PUBLISHED: 08:02, Sat, Nov 28, 2020 | UPDATED: 08:11, Sat, Nov 28, 2020
Antarctica is the Earth’s southernmost continent, home to up to 5,000 dedicated researchers who study Earth’s history and the effects of climate change in temperatures that drop as low as -90C. The number of animals that inhabit the icy continent is also scarce – with mites, nematodes, seals and rare birds being spotted and documented over the years. By far the most common creature remains found are from the penguin – of the 17 species recorded over the years, only the emperor and Adelie inhabit the region around-the-year.
However, the discovery of one extinct animal on Seymour Island left scientists shocked.
British Antarctic Survey Professor David Walton detailed how a team uncovered a species known as the Palaeeudyptes klekowskii that once towered more than six feet during an interview on BBC’s Radio 4 ‘In Our Time’.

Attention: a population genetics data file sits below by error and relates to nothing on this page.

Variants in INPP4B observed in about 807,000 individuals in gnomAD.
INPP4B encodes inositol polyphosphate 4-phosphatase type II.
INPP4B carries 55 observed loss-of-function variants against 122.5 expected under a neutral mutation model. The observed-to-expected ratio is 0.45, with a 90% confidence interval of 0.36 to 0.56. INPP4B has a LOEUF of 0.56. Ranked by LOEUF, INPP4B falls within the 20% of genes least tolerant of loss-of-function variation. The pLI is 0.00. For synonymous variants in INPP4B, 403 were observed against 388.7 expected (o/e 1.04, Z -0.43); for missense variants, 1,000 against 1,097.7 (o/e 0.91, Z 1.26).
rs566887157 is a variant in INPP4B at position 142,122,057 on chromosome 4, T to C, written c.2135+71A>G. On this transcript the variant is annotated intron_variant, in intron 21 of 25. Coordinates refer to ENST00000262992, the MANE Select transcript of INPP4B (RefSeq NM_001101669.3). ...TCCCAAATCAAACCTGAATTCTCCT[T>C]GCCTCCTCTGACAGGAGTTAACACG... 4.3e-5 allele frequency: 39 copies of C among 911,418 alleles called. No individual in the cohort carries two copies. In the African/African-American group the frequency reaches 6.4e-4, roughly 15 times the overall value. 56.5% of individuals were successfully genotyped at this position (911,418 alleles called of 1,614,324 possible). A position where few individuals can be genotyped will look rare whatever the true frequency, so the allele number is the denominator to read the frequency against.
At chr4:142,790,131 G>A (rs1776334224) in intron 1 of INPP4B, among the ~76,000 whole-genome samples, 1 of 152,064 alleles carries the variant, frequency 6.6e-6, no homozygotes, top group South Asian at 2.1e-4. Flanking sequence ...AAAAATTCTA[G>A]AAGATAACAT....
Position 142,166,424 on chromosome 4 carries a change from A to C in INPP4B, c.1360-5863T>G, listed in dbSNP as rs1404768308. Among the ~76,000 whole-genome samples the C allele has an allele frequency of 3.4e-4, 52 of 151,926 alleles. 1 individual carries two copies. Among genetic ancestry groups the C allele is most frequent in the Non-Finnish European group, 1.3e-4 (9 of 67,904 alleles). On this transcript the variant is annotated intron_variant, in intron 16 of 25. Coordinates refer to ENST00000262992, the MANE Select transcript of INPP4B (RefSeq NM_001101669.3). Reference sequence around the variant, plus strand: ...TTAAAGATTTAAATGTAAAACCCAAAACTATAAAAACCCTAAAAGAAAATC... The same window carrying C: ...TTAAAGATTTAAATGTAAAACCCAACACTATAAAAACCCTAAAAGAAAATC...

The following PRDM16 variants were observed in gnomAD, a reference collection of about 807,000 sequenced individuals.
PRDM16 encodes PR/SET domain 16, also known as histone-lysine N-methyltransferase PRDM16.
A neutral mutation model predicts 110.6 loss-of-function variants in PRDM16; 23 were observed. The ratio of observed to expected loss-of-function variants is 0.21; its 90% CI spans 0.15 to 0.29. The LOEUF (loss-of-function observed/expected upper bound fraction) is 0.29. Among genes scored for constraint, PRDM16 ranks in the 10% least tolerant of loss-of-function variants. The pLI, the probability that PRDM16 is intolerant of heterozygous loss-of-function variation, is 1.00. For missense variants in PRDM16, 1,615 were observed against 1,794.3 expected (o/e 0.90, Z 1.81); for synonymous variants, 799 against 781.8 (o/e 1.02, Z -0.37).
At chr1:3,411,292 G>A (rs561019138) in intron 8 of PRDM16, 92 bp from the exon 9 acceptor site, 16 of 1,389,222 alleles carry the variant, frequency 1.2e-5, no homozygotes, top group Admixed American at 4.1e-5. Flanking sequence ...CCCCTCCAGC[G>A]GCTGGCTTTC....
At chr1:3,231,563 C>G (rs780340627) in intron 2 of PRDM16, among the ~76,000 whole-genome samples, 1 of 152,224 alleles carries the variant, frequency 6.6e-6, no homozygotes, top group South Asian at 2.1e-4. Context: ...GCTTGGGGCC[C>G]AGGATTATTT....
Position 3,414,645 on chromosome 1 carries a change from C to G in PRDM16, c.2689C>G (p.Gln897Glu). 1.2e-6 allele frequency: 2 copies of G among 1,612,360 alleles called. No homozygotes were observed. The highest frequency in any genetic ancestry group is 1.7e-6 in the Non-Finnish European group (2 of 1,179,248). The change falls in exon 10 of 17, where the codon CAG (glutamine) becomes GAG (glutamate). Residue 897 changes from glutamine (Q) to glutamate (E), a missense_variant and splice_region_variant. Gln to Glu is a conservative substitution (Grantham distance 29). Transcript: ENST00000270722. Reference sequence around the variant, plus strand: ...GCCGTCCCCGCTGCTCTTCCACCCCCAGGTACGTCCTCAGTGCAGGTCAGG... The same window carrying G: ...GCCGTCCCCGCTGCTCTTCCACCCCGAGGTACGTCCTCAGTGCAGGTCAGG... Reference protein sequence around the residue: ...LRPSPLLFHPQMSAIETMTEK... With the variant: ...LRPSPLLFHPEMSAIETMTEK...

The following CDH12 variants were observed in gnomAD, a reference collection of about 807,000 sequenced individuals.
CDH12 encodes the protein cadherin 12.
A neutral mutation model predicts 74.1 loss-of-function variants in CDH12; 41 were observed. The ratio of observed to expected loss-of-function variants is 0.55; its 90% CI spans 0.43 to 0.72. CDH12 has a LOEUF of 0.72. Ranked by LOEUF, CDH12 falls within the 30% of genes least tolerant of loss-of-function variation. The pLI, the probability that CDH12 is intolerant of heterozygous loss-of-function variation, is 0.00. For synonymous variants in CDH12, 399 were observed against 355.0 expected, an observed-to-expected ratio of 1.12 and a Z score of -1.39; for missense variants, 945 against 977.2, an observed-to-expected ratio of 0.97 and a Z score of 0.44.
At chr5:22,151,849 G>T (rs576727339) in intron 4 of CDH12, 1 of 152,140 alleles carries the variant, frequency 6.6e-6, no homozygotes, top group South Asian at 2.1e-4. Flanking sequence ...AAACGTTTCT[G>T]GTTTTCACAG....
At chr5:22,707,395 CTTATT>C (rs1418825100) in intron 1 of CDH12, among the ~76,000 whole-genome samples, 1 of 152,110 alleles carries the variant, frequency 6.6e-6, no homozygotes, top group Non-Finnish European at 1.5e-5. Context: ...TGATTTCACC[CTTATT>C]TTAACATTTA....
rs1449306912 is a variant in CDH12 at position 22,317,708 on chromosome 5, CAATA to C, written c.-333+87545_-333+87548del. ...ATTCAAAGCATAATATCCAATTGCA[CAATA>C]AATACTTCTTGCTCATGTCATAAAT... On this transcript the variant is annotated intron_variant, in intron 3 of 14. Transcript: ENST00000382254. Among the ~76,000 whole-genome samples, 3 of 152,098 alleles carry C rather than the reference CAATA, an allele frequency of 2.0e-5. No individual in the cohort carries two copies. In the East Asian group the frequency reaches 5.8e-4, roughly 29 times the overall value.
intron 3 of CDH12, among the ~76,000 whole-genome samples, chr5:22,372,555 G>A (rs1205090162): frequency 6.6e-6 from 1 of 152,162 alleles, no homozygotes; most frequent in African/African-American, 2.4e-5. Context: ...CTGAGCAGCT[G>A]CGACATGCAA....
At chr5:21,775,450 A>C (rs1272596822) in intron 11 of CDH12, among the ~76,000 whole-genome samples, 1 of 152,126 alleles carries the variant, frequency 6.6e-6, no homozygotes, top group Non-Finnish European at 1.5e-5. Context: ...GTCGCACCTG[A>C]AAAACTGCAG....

He said: “As an ecologist, history is written in fossils.Insurance Loans Mortgage Attorney Credit Lawyer
“We know there were dinosaurs there and we know there were giant penguins too – six feet tall in fact.
Scientists discovered the remains of a huge penguin (Image: GETTY)
Climate change is affecting the region (Image: GETTY)
“We reconstructed a penguin from a single metatarsal that was found – it is amazing what you can do with one bone.
“So we know it was a much more interesting continent previously.”
The unearthed bones dated back 37 million years and new studies show the species could have measured almost twice the height of today's emperor penguins.